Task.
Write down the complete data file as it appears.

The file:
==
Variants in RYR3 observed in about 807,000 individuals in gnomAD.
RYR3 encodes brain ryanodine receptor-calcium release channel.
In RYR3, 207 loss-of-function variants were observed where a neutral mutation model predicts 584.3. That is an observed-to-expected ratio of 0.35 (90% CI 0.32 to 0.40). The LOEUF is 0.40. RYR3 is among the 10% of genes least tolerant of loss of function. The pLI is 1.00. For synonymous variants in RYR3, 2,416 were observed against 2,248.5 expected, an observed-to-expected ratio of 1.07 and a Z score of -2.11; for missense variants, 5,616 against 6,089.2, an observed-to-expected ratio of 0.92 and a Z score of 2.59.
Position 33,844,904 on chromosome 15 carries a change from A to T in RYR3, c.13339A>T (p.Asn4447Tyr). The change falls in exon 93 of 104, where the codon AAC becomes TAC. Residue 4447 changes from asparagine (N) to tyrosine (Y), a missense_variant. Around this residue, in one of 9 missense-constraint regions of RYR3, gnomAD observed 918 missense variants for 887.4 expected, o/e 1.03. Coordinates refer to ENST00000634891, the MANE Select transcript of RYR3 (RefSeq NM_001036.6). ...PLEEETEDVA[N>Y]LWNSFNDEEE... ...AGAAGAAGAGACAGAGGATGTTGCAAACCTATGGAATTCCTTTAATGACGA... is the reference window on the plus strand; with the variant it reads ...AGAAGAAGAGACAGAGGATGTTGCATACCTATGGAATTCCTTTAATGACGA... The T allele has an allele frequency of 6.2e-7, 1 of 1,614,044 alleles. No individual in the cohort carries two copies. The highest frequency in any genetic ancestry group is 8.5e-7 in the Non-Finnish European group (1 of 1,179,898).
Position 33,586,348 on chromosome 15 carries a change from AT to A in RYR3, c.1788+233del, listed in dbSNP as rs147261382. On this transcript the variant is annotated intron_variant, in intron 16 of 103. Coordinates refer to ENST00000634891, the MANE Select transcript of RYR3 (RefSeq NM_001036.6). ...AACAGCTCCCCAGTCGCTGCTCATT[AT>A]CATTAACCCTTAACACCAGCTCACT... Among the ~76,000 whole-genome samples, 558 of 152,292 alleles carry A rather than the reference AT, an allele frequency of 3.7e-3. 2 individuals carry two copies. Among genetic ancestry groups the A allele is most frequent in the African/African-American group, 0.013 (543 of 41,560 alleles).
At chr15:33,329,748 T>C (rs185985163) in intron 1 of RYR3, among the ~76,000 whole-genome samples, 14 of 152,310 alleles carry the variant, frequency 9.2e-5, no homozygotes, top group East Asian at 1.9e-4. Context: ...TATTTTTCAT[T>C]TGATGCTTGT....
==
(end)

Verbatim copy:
Variants in RYR3 observed in about 807,000 individuals in gnomAD.
RYR3 encodes brain ryanodine receptor-calcium release channel.
In RYR3, 207 loss-of-function variants were observed where a neutral mutation model predicts 584.3. That is an observed-to-expected ratio of 0.35 (90% CI 0.32 to 0.40). The LOEUF is 0.40. RYR3 is among the 10% of genes least tolerant of loss of function. The pLI is 1.00. For synonymous variants in RYR3, 2,416 were observed against 2,248.5 expected, an observed-to-expected ratio of 1.07 and a Z score of -2.11; for missense variants, 5,616 against 6,089.2, an observed-to-expected ratio of 0.92 and a Z score of 2.59.
Position 33,844,904 on chromosome 15 carries a change from A to T in RYR3, c.13339A>T (p.Asn4447Tyr). The change falls in exon 93 of 104, where the codon AAC becomes TAC. Residue 4447 changes from asparagine (N) to tyrosine (Y), a missense_variant. Around this residue, in one of 9 missense-constraint regions of RYR3, gnomAD observed 918 missense variants for 887.4 expected, o/e 1.03. Coordinates refer to ENST00000634891, the MANE Select transcript of RYR3 (RefSeq NM_001036.6). ...PLEEETEDVA[N>Y]LWNSFNDEEE... ...AGAAGAAGAGACAGAGGATGTTGCAAACCTATGGAATTCCTTTAATGACGA... is the reference window on the plus strand; with the variant it reads ...AGAAGAAGAGACAGAGGATGTTGCATACCTATGGAATTCCTTTAATGACGA... The T allele has an allele frequency of 6.2e-7, 1 of 1,614,044 alleles. No individual in the cohort carries two copies. The highest frequency in any genetic ancestry group is 8.5e-7 in the Non-Finnish European group (1 of 1,179,898).
Position 33,586,348 on chromosome 15 carries a change from AT to A in RYR3, c.1788+233del, listed in dbSNP as rs147261382. On this transcript the variant is annotated intron_variant, in intron 16 of 103. Coordinates refer to ENST00000634891, the MANE Select transcript of RYR3 (RefSeq NM_001036.6). ...AACAGCTCCCCAGTCGCTGCTCATT[AT>A]CATTAACCCTTAACACCAGCTCACT... Among the ~76,000 whole-genome samples, 558 of 152,292 alleles carry A rather than the reference AT, an allele frequency of 3.7e-3. 2 individuals carry two copies. Among genetic ancestry groups the A allele is most frequent in the African/African-American group, 0.013 (543 of 41,560 alleles).
At chr15:33,329,748 T>C (rs185985163) in intron 1 of RYR3, among the ~76,000 whole-genome samples, 14 of 152,310 alleles carry the variant, frequency 9.2e-5, no homozygotes, top group East Asian at 1.9e-4. Context: ...TATTTTTCAT[T>C]TGATGCTTGT....